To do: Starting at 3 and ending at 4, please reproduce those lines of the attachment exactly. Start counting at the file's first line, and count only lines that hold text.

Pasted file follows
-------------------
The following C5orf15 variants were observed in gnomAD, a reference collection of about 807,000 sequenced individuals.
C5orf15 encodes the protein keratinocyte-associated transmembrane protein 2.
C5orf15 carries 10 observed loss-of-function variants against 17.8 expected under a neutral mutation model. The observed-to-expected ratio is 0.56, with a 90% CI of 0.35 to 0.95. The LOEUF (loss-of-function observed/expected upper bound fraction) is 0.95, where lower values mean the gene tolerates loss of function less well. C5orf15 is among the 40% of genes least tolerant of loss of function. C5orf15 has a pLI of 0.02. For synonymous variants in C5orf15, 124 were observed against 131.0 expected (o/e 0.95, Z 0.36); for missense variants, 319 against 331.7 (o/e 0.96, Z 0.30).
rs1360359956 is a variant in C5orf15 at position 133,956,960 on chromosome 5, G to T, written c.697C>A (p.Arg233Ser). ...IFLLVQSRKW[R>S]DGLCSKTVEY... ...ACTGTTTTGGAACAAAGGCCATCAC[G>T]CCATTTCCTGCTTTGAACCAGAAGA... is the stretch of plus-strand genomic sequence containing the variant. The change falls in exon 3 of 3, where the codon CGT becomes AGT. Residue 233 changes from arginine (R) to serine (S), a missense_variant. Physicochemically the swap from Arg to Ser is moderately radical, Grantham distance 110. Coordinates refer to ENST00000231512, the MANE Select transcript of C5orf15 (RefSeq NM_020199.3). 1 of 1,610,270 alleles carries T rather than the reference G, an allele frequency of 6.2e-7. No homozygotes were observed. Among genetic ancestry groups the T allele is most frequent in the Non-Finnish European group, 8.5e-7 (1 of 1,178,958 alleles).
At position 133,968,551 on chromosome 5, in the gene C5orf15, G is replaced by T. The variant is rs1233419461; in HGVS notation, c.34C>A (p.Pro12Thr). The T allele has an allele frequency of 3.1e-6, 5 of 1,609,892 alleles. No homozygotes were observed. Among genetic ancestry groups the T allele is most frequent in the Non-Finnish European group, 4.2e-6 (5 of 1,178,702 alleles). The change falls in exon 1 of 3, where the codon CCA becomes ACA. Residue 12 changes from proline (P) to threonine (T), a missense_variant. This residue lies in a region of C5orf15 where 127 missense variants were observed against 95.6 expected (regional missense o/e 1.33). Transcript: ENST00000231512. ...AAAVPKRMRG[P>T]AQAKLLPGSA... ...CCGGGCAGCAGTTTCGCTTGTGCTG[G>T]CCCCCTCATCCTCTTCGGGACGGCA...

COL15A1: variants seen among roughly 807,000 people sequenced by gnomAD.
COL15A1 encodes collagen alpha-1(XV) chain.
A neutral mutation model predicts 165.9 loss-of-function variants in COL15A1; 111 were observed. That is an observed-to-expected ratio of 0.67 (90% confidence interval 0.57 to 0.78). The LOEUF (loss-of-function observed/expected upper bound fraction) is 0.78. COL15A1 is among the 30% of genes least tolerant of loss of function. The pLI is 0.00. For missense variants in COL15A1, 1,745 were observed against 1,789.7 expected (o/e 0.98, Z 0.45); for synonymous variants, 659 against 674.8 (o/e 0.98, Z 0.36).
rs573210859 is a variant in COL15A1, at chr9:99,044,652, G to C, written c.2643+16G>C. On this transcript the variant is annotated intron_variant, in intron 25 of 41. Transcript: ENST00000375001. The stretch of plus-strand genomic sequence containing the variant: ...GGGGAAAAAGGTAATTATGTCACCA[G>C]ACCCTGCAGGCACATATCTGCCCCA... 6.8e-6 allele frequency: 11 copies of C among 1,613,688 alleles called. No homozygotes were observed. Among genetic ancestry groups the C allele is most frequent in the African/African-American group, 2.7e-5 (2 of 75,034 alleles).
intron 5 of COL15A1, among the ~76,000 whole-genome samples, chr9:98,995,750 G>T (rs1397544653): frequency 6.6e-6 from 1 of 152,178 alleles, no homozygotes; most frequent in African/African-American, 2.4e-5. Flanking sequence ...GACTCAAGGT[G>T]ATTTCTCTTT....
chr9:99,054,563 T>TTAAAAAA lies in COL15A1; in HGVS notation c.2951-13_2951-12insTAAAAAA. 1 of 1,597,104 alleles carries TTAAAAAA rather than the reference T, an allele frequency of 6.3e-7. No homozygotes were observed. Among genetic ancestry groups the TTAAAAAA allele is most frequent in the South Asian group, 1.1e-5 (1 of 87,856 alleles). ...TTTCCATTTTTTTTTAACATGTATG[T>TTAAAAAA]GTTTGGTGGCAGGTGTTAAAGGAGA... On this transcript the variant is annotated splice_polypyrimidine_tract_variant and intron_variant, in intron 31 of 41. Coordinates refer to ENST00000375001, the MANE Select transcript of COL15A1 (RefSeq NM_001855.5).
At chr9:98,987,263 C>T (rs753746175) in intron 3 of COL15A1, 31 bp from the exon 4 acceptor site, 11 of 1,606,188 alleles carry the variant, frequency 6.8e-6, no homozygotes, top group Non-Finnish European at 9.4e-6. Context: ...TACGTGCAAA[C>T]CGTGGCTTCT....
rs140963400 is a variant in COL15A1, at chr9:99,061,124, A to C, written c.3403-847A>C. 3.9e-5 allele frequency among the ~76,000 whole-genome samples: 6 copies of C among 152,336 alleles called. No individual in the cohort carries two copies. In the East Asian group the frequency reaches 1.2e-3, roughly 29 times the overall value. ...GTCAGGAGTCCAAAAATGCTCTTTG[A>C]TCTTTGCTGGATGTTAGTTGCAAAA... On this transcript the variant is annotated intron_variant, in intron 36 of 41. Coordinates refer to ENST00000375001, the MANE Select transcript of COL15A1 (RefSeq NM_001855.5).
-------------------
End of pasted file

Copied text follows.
C5orf15 carries 10 observed loss-of-function variants against 17.8 expected under a neutral mutation model. The observed-to-expected ratio is 0.56, with a 90% CI of 0.35 to 0.95. The LOEUF (loss-of-function observed/expected upper bound fraction) is 0.95, where lower values mean the gene tolerates loss of function less well. C5orf15 is among the 40% of genes least tolerant of loss of function. C5orf15 has a pLI of 0.02. For synonymous variants in C5orf15, 124 were observed against 131.0 expected (o/e 0.95, Z 0.36); for missense variants, 319 against 331.7 (o/e 0.96, Z 0.30).
rs1360359956 is a variant in C5orf15 at position 133,956,960 on chromosome 5, G to T, written c.697C>A (p.Arg233Ser). ...IFLLVQSRKW[R>S]DGLCSKTVEY... ...ACTGTTTTGGAACAAAGGCCATCAC[G>T]CCATTTCCTGCTTTGAACCAGAAGA... is the stretch of plus-strand genomic sequence containing the variant. The change falls in exon 3 of 3, where the codon CGT becomes AGT. Residue 233 changes from arginine (R) to serine (S), a missense_variant. Physicochemically the swap from Arg to Ser is moderately radical, Grantham distance 110. Coordinates refer to ENST00000231512, the MANE Select transcript of C5orf15 (RefSeq NM_020199.3). 1 of 1,610,270 alleles carries T rather than the reference G, an allele frequency of 6.2e-7. No homozygotes were observed. Among genetic ancestry groups the T allele is most frequent in the Non-Finnish European group, 8.5e-7 (1 of 1,178,958 alleles).